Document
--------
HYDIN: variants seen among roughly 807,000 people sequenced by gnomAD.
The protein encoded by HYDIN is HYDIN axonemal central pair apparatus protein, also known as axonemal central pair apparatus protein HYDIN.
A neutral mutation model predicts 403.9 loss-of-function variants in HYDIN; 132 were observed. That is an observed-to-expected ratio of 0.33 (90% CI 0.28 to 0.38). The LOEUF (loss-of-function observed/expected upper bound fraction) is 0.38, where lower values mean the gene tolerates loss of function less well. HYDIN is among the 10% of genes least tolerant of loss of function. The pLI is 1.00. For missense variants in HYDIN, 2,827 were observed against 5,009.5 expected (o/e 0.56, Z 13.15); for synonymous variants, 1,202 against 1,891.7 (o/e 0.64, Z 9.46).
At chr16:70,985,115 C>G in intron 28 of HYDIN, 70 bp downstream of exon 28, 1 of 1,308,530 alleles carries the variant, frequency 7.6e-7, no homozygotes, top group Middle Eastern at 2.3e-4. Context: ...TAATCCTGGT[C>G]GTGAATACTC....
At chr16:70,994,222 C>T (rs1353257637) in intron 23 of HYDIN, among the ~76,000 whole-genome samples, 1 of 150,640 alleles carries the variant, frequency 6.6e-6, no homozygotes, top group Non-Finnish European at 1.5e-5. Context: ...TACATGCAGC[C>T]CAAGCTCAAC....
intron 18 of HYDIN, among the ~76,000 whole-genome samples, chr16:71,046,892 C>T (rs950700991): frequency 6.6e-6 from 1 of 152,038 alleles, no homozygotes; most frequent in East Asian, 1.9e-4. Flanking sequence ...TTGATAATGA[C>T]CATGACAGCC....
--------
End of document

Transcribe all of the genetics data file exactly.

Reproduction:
HYDIN: variants seen among roughly 807,000 people sequenced by gnomAD.
The protein encoded by HYDIN is HYDIN axonemal central pair apparatus protein, also known as axonemal central pair apparatus protein HYDIN.
A neutral mutation model predicts 403.9 loss-of-function variants in HYDIN; 132 were observed. That is an observed-to-expected ratio of 0.33 (90% CI 0.28 to 0.38). The LOEUF (loss-of-function observed/expected upper bound fraction) is 0.38, where lower values mean the gene tolerates loss of function less well. HYDIN is among the 10% of genes least tolerant of loss of function. The pLI is 1.00. For missense variants in HYDIN, 2,827 were observed against 5,009.5 expected (o/e 0.56, Z 13.15); for synonymous variants, 1,202 against 1,891.7 (o/e 0.64, Z 9.46).
At chr16:70,985,115 C>G in intron 28 of HYDIN, 70 bp downstream of exon 28, 1 of 1,308,530 alleles carries the variant, frequency 7.6e-7, no homozygotes, top group Middle Eastern at 2.3e-4. Context: ...TAATCCTGGT[C>G]GTGAATACTC....
At chr16:70,994,222 C>T (rs1353257637) in intron 23 of HYDIN, among the ~76,000 whole-genome samples, 1 of 150,640 alleles carries the variant, frequency 6.6e-6, no homozygotes, top group Non-Finnish European at 1.5e-5. Context: ...TACATGCAGC[C>T]CAAGCTCAAC....
intron 18 of HYDIN, among the ~76,000 whole-genome samples, chr16:71,046,892 C>T (rs950700991): frequency 6.6e-6 from 1 of 152,038 alleles, no homozygotes; most frequent in East Asian, 1.9e-4. Flanking sequence ...TTGATAATGA[C>T]CATGACAGCC....